eyJ0eXAiOiJKV1QiLCJub25jZSI6IkFRQUJBQUFBQUFEUk5ZUlEzZGhSU3JtLTRLLWFkcENKaEFrMWJhQjJnRHpaN1J3OUh4WkI4dEdJUVFGdzI4WWVDd2dlRFYxRUZhRjJvMFd5MzFORG0tS0dWZTc1Rm9JOGdvSlBJa1hLSkVydmQzV19MajQwMWlBQSIsImFsZyI6IlJTMjU2IiwieDV0IjoiSTZvQnc0VnpCSE9xbGVHclYyQUpkQTVFbVhjIiwia2lkIjoiSTZvQnc0VnpCSE9xbGVHclYyQUpkQTVFbVhjIn0.eyJhdWQiOiJodHRwczovL2dyYXBoLm1pY3Jvc29mdC5jb20iLCJpc3MiOiJodHRwczovL3N0cy53aW5kb3dzLm5ldC85MjY2ZmE2Yy0yYTU4LTRmMjQtYTI0Yi0yYTEzMTk4NTliM2UvIiwiaWF0IjoxNDc2ODg2MzAxLCJuYmYiOjE0NzY4ODYzMDEsImV4cCI6MTQ3Njg5MDQ5NywiYWNyIjoiMSIsImFtciI6WyJwd2QiXSwiYXBwX2Rpc3BsYXluYW1lIjoiRXhjaGFuZ2VDb250YWN0c1dlYiIsImFwcGlkIjoiODhlNDA1MWItOWY4OC00Y2NiLTlkMGItZTdmY2E0NmM0NDMwIiwiYXBwaWRhY3IiOiIxIiwiZV9leHAiOjExMDk1LCJmYW1pbHlfbmFtZSI6IlJhbmRvbHBoIiwiZ2l2ZW5fbmFtZSI6Ik5pY2siLCJpcGFkZHIiOiI2MC4yNDEuMTg1LjUwIiwibmFtZSI6Ik5pY2sgKE9mZmljZSAzNjUgRGV2KSIsIm9pZCI6IjdkY2NhYWQxLTZiZDgtNDZjMi1hZGM3LWQ1ODY2MjllMTAxMiIsInB1aWQiOiIxMDAzQkZGRDhFRDRBREUxIiwic2NwIjoiVXNlci5SZWFkIiwic3ViIjoiaW4wQklSdFNOblhHckhTNWlncGdCb2JvdU9Nc0x3V2NkRFhNVXdPbjNaZyIsInRpZCI6IjkyNjZmYTZjLTJhNTgtNGYyNC1hMjRiLTJhMTMxOTg1OWIzZSIsInVuaXF1ZV9uYW1lIjoibmlja0BidHJvMzY1ZGV2Lm9ubWljcm9zb2Z0LmNvbSIsInVwbiI6Im5pY2tAYnRybzM2NWRldi5vbm1pY3Jvc29mdC5jb20iLCJ2ZXIiOiIxLjAifQ.CfeVUjnJt8dGdKGFEK39piuhB4imbWJh06uqoonfU-gQmHB4VWgY0i43b-YyXZRP9z4SD7dXGiS1IzDUX4GT3VvlsCXq48RkkbSKVzZLVZk_VojiPDn3jSczw70VKFZrXqPCfRcvhbwnFBGTlY_06vtDT3jE-TACLc8jR3D_mTSL9d8akWsxUhVIw6vKaRuyTpBtnO7KO8KS87oLf0wJlKaSfWTO5Nykp5AUhQHfAOij33XOejy5dNIWkml00kO1agBP4WMCHm3EklLlOrnpW8K71KHweqflVK8Zzy8H6XORt3UZIFiCUUF1ORPxQgHpSNJ8Sqw7LlKGPxC6NHd9wA

Entering this into the site http://jwt.io this token can be extracted to show relevant information about the user and their permissions.

{
  "aud": "https://btro365dev.onmicrosoft.com/a52151ed-8e86-4827-b657-1cd20061b86c",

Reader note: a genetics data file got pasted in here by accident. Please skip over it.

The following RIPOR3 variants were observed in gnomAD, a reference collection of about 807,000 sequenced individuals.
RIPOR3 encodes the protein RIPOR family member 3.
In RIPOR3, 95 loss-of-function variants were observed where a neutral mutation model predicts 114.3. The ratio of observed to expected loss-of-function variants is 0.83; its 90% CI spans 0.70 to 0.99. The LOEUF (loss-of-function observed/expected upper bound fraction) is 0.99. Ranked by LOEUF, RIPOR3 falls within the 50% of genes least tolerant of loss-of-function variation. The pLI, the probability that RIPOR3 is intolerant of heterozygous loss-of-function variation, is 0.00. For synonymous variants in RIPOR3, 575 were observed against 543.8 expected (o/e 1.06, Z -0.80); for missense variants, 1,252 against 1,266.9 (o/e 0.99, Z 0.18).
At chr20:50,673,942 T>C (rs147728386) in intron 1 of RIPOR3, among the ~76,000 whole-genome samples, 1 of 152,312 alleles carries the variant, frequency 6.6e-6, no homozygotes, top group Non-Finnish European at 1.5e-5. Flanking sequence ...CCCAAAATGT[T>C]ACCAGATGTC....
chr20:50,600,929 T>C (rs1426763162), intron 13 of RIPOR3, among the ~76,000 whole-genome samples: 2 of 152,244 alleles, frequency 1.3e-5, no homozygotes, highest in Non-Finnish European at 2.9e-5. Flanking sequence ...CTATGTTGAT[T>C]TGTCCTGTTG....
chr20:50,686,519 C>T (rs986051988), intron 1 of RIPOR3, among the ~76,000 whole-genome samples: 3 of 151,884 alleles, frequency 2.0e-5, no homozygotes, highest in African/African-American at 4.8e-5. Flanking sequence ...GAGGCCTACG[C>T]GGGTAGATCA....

"iss": "https://sts.windows.net/9266fa6c-2a58-4f24-a24b-2a1319859b3e/",
  "iat": 1476887372,
  "nbf": 1476887372,
  "exp": 1476891272,
  "acr": "1",
  "amr": [
    "pwd"
  ],
  "appid": "1b64d2a6-32f4-4dba-9e3f-73def5520baa",
  "appidacr": "0",
  "e_exp": 10800,
  "family_name": "Randolph",
  "given_name": "Nick",
  "ipaddr": "60.241.185.50",
  "name": "Nick (Office 365 Dev)",
  "oid": "7dccaad1-6bd8-46c2-adc7-d586629e1012",
  "scp": "user_impersonation",
  "sub": "Qu6BNhi6dbma-rLraV_3B06be5DsdohiMlt8hJsHpVM",
  "tid": "9266fa6c-2a58-4f24-a24b-2a1319859b3e",
  "unique_name": "nick@btro365dev.onmicrosoft.com",
  "upn": "nick@btro365dev.onmicrosoft.com",
  "ver": "1.0"
}

As you can see, the information in this json the user is nick@btro365dev.onmicrosoft.com. What’s not immediately obvious is that this token has been issued by the BTR Office Dev tenant, which is the tenant that the Azure AD applications are defined – to be expected in a single tenanted scenario. In the Classic portal you can see the tenant Id when you select the Azure AD instance – it’s the guid that appears in the address bar. This is much less obvious in the new portal. This guid matches the guid in the iss field in the access token (ie "iss": https://sts.windows.net/9266fa6c-2a58-4f24-a24b-2a1319859b3e/)